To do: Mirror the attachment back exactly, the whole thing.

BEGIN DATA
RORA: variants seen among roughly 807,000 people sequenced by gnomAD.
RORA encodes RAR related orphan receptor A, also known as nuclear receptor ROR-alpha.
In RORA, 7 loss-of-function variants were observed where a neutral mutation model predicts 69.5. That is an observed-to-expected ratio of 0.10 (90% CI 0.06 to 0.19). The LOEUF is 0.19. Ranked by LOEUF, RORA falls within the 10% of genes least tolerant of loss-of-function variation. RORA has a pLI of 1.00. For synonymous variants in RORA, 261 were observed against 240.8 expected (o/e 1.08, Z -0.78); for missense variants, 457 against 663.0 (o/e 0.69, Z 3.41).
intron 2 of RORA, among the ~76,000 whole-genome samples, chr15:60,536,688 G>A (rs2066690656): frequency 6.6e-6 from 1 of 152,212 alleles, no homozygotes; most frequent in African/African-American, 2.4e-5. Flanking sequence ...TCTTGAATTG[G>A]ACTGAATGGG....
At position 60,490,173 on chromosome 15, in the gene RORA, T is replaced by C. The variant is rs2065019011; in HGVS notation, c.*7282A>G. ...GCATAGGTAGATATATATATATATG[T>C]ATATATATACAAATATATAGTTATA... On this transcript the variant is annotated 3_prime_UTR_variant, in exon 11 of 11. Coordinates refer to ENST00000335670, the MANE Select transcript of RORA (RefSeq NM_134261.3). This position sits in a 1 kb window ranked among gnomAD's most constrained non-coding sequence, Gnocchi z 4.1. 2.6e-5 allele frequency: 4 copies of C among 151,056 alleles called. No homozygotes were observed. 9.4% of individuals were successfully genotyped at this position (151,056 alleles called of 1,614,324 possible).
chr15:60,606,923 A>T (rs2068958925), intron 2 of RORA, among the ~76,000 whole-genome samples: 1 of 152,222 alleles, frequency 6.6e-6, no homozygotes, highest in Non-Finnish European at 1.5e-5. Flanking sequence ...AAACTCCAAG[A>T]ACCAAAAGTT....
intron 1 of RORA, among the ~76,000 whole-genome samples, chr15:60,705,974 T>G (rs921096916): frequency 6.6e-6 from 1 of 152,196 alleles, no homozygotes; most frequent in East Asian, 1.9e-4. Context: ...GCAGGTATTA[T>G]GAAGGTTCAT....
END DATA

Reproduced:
RORA: variants seen among roughly 807,000 people sequenced by gnomAD.
RORA encodes RAR related orphan receptor A, also known as nuclear receptor ROR-alpha.
In RORA, 7 loss-of-function variants were observed where a neutral mutation model predicts 69.5. That is an observed-to-expected ratio of 0.10 (90% CI 0.06 to 0.19). The LOEUF is 0.19. Ranked by LOEUF, RORA falls within the 10% of genes least tolerant of loss-of-function variation. RORA has a pLI of 1.00. For synonymous variants in RORA, 261 were observed against 240.8 expected (o/e 1.08, Z -0.78); for missense variants, 457 against 663.0 (o/e 0.69, Z 3.41).
intron 2 of RORA, among the ~76,000 whole-genome samples, chr15:60,536,688 G>A (rs2066690656): frequency 6.6e-6 from 1 of 152,212 alleles, no homozygotes; most frequent in African/African-American, 2.4e-5. Flanking sequence ...TCTTGAATTG[G>A]ACTGAATGGG....
At position 60,490,173 on chromosome 15, in the gene RORA, T is replaced by C. The variant is rs2065019011; in HGVS notation, c.*7282A>G. ...GCATAGGTAGATATATATATATATG[T>C]ATATATATACAAATATATAGTTATA... On this transcript the variant is annotated 3_prime_UTR_variant, in exon 11 of 11. Coordinates refer to ENST00000335670, the MANE Select transcript of RORA (RefSeq NM_134261.3). This position sits in a 1 kb window ranked among gnomAD's most constrained non-coding sequence, Gnocchi z 4.1. 2.6e-5 allele frequency: 4 copies of C among 151,056 alleles called. No homozygotes were observed. 9.4% of individuals were successfully genotyped at this position (151,056 alleles called of 1,614,324 possible).
chr15:60,606,923 A>T (rs2068958925), intron 2 of RORA, among the ~76,000 whole-genome samples: 1 of 152,222 alleles, frequency 6.6e-6, no homozygotes, highest in Non-Finnish European at 1.5e-5. Flanking sequence ...AAACTCCAAG[A>T]ACCAAAAGTT....
intron 1 of RORA, among the ~76,000 whole-genome samples, chr15:60,705,974 T>G (rs921096916): frequency 6.6e-6 from 1 of 152,196 alleles, no homozygotes; most frequent in East Asian, 1.9e-4. Context: ...GCAGGTATTA[T>G]GAAGGTTCAT....